Brain and Body

Back to the Future

December 12, 2016 | Maggie Romuld

Photo credit: Andres Rueda/Flickr (CC by SA 2.0)

Can old-school virus treatments save us from antibiotic resistance?

Long-ignored by Western medicine after the discovery and widespread acceptance of antibiotics, “bacteriophages,” viral predators of bacteria, are enjoying a bit of a renaissance as medicine searches for new weapons to combat antibiotic resistance.

According to Environmental Health Perspectives, all known bacteria are “thwarted by phages, which are extremely specific and only attack the strain of bacteria they evolved to inhabit and kill.”  In the early decades of the twentieth century, physicians successfully treated a variety of infections with bacteriophages, but because the results were inconsistent, and scientists did not understand the mechanism behind their success, interest in phages waned as antibiotics became more plentiful.

SEE ALSO: Scientists Discovered a New Natural Antibiotic in the Human Nose

Researchers and physicians in Eastern Europe, however, continued to study and prescribe phages while the West focused their attention on antibiotics. Though the research was not published in English-language medical journals, the experience of the European scientists is now spawning collaborations as Western researchers and governments give phages a second look.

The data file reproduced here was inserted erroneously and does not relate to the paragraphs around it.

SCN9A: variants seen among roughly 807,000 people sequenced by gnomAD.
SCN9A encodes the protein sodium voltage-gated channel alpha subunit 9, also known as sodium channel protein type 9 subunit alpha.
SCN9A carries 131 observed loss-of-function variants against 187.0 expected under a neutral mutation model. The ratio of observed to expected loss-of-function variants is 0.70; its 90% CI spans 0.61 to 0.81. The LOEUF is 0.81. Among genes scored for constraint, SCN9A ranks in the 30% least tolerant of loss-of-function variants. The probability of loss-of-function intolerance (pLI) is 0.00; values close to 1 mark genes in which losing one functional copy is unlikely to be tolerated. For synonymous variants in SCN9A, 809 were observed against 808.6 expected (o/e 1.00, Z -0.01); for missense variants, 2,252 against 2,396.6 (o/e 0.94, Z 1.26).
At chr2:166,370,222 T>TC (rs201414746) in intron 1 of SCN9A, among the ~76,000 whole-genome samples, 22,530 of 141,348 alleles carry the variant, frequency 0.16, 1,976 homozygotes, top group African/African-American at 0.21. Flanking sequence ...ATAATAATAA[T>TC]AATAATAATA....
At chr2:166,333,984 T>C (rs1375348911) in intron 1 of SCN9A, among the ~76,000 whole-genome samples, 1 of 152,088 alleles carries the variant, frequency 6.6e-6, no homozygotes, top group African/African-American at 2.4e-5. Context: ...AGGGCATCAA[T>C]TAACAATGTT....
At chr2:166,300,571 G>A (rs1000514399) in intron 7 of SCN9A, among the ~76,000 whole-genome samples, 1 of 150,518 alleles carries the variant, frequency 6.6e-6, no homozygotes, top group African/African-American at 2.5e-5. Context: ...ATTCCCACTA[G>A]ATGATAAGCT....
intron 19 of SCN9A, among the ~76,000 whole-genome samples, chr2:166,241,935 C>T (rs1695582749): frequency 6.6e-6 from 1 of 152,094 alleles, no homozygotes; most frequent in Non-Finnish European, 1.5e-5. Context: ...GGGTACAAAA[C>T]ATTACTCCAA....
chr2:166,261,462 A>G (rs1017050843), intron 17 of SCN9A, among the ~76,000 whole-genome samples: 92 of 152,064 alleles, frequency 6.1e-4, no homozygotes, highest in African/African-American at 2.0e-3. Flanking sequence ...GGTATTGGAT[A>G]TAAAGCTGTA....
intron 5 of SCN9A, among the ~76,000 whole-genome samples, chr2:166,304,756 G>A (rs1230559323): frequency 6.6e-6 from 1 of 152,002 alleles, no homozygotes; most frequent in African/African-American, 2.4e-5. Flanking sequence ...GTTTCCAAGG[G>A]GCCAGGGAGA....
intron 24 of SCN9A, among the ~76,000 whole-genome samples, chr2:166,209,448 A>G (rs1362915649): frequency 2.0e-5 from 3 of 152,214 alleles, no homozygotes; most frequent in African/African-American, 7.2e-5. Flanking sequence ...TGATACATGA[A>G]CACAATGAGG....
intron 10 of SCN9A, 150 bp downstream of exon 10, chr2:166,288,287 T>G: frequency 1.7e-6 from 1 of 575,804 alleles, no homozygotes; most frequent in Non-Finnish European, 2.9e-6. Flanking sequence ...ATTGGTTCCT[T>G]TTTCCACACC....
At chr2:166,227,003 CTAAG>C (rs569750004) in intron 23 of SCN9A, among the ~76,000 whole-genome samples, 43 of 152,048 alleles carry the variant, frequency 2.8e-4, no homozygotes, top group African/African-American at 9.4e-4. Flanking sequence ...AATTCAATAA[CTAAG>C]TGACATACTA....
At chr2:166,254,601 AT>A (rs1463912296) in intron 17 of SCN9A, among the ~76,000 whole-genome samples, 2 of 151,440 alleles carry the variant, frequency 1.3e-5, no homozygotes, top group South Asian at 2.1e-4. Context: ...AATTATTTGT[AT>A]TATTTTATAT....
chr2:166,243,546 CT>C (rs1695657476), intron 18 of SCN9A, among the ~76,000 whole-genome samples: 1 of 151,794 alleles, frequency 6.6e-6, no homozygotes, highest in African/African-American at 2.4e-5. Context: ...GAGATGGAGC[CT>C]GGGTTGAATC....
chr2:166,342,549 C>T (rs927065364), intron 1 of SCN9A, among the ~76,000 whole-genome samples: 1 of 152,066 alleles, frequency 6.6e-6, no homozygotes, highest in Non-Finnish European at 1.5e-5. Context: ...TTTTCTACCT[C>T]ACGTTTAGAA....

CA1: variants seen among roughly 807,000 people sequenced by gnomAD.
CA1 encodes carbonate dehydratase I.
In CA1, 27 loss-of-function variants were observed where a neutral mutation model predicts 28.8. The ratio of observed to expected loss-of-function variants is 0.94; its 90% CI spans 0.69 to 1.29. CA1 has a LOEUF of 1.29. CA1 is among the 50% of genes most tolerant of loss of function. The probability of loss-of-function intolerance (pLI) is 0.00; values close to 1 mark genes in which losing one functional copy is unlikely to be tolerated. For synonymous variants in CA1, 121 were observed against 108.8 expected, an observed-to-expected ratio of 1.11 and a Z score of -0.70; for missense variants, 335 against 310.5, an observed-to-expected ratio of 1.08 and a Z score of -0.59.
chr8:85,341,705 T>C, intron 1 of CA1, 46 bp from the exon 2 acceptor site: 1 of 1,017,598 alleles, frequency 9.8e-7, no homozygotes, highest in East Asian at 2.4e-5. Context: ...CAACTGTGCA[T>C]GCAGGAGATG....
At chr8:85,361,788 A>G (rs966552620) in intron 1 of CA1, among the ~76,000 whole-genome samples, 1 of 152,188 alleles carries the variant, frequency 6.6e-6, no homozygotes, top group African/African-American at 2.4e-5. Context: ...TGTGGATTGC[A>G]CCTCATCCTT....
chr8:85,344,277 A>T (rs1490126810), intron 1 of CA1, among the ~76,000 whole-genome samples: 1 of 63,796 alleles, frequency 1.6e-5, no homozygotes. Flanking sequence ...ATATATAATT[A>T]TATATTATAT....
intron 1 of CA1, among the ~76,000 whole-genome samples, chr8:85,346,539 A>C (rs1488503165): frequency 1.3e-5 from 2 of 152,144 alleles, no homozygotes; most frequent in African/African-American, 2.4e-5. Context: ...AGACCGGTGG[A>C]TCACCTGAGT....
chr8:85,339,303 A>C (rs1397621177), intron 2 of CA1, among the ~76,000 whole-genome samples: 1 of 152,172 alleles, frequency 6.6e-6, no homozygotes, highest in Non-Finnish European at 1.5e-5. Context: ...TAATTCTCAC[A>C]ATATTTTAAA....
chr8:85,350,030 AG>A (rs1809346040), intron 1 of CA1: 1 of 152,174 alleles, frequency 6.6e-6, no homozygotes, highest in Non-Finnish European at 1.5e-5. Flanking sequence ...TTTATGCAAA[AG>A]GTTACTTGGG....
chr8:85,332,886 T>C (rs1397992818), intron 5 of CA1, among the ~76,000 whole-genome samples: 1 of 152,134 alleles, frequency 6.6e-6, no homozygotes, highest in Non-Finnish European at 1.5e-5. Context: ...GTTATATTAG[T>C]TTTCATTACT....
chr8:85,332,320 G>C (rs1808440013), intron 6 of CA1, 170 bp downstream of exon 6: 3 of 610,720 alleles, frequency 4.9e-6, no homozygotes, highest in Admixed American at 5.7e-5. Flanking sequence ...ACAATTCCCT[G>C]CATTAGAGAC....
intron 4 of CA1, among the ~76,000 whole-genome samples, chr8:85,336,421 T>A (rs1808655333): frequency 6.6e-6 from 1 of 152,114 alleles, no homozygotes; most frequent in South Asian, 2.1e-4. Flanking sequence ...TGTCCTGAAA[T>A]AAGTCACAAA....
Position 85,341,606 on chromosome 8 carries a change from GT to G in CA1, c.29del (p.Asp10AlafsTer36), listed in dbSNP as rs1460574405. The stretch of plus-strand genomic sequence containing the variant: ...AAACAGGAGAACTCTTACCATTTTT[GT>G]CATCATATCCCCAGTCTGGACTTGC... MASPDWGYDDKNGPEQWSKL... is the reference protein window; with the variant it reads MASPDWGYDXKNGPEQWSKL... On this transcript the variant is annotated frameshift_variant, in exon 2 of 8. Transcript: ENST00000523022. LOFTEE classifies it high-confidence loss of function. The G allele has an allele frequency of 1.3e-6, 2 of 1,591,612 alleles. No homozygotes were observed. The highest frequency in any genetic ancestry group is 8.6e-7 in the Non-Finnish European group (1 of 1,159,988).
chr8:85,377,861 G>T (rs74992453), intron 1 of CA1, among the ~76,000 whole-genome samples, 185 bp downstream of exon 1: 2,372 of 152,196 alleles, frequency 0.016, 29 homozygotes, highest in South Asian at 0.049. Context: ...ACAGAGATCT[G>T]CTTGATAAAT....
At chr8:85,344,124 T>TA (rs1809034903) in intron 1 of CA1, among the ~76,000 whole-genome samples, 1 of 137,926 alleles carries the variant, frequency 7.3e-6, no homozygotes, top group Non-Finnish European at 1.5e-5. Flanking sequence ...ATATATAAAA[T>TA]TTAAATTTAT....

The World Health Organization (WHO) reports that antibiotic resistance is rising to dangerously high levels around the world, and a growing list of infections, including pneumonia, tuberculosis, blood poisoning and gonorrhea – are becoming harder to treat.

One of the most appealing aspects of phage therapy is its specificity. Broad-spectrum antibiotics carpet-bomb the body, and beneficial microbes are killed in the cross-fire. Phages have very specific targets, so are less likely to upset a delicately balanced microbiome.

In November, at the BBC Future World-Changing Ideas Summit held in Australia, Heather Hendrickson of Massey University in Auckland, New Zealand, described her research on bacteriophages. BBC reported on her work, including her opinion that we need radical solutions if we don’t want to return to a “pre-biotic era where lifespans are shorter because we can’t fight infection.”

LEARN MORE: Next Time You Ask the Doctor for Some Antibiotics – Consider Whether You're Being Immoral

Henrickson described next steps and challenges in phage medicine. Bacteriophages and their targets need to be profiled; and reliable cultivation, purification, and storage methods need to be developed. Research also needs to confirm that phages don’t trigger any unintentional side effects such as allergic reactions.

According to BBC, one of the first big clinical trials in the West will test bandages infused with bacteriophages, in an attempt to prevent infection in burn victims. A worthy test indeed.

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